If insurers passed along all the costs, “they would probably lose all of their small business [clients] because it is such an expense,” Thompson said.
Among other health mandates being considered in the short session, three deal with vision services, House Bill 511, and Senate Bills 477 and 644. House Bill 498 targets autism, and House Bill 609 deals with oral chemotherapy.
Senate Bills 364 and 570 address electronic prescription rules; House Bill 740 covers athletic and sports trainers, and Senate Bill 572 would require insurers to screen newborns for Krabbe Disease.
Hmmm. Autism? That reminds us. Speaker Thom pushed through the House in January a mandate increasing coverage for autism patients. His Senate campaign took money from lobbyists for the Autism Society — a BIG supporter of ObamaCare, by the way. Tillis even wore the organization’s logo on his jacket lapel in TV ads while attacking Kay Hagan for her support of ObamaCare.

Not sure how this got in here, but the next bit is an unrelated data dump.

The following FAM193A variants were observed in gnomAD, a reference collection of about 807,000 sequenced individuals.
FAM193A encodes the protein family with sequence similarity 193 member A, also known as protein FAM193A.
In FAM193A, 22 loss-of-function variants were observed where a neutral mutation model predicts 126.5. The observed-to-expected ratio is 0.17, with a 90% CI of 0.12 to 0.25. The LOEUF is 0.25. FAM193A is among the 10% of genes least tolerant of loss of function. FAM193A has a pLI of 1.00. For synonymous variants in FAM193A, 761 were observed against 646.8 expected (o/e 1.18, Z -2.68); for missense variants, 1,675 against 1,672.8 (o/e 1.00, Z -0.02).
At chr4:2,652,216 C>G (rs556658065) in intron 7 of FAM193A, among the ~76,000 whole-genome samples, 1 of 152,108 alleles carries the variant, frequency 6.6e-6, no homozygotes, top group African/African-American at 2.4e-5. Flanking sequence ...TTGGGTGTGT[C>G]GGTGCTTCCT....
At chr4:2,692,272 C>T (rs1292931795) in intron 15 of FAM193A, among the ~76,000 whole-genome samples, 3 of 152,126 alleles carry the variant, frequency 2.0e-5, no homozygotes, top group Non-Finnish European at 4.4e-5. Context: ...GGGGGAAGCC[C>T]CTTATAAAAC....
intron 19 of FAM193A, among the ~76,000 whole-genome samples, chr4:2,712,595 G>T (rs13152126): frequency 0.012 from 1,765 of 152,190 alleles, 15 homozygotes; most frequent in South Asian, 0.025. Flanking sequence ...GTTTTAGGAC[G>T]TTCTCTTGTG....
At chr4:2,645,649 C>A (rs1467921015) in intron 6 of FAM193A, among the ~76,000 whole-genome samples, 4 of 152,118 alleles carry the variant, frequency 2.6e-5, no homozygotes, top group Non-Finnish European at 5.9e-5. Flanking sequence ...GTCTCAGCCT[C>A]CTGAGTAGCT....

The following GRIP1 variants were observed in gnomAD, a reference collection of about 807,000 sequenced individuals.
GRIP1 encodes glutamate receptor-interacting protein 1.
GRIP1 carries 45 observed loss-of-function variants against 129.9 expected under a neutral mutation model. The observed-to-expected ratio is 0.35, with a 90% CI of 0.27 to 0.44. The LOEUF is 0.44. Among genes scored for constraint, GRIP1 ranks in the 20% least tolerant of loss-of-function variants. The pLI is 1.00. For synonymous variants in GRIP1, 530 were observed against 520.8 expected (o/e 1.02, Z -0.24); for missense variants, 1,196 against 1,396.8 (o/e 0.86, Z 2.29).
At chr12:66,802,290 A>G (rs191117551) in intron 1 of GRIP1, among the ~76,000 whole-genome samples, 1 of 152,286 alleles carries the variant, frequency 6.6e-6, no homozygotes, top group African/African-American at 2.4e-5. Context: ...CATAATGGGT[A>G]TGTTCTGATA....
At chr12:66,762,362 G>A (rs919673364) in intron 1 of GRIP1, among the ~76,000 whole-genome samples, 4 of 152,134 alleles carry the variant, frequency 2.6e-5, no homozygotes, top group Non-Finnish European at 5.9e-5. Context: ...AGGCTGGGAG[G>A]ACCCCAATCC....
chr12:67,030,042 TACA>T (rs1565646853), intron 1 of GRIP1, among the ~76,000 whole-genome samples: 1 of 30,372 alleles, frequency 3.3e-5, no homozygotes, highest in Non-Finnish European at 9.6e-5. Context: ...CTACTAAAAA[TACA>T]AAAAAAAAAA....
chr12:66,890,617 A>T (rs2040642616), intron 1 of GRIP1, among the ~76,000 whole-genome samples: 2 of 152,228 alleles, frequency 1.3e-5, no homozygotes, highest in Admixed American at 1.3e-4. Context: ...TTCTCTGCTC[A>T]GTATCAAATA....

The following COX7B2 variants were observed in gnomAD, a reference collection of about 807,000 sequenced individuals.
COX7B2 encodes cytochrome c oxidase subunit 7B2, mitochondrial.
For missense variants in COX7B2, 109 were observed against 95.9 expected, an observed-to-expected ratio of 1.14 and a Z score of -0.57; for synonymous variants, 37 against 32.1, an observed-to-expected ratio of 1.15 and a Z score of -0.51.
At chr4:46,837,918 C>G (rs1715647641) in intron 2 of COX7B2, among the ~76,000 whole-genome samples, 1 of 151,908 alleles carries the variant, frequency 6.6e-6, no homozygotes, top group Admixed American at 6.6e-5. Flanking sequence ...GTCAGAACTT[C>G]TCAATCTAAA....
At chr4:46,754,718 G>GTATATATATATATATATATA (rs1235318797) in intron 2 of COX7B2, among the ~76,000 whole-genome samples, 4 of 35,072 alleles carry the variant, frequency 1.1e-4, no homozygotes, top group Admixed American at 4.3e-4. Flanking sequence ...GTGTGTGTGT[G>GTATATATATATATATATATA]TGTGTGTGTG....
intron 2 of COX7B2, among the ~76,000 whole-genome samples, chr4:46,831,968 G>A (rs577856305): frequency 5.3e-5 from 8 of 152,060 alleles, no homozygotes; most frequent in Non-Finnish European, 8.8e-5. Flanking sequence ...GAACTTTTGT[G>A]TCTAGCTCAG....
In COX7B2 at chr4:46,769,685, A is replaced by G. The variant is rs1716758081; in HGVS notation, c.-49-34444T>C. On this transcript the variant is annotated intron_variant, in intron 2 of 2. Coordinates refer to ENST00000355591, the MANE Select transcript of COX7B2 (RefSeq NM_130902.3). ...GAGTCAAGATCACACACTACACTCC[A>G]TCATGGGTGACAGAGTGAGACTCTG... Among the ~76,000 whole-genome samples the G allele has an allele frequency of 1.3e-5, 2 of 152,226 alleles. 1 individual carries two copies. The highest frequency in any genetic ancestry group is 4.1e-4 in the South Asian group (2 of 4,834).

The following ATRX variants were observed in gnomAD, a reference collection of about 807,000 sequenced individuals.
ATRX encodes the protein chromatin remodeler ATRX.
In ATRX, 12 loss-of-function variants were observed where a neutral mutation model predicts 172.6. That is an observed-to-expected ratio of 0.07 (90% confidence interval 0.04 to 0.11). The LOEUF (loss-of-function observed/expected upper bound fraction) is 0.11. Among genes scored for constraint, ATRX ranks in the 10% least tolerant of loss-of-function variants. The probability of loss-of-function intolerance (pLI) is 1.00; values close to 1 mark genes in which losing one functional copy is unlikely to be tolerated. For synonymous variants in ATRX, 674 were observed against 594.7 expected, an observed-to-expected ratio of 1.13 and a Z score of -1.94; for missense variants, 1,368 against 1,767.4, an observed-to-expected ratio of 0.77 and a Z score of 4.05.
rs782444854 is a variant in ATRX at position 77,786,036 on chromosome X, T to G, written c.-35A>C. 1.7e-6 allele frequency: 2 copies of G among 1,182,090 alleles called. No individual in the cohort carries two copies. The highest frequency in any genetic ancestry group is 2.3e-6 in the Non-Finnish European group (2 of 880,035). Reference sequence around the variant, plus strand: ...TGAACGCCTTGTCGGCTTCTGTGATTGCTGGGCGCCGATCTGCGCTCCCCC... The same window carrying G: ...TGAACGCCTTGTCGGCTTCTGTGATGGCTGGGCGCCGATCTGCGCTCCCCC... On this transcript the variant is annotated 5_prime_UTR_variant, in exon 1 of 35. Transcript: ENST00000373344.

Defenders of the autism bill pushed by Theam Tillis point to a small business exception that allows businesses with less than 50 employees to opt out of the mandate if it increases their costs by more than one percent. Well, that’s nice. But the mandate STILL jacks up the costs for the insurance companies which then get passed on to the rest of us. MORE:
The raft of insurance mandate bills have a host of Republican primary sponsors, even though the GOP-controlled General Assembly has made reducing mandates and regulations a top priority to relieve small businesses from burdensome regulations and stimulate the economy.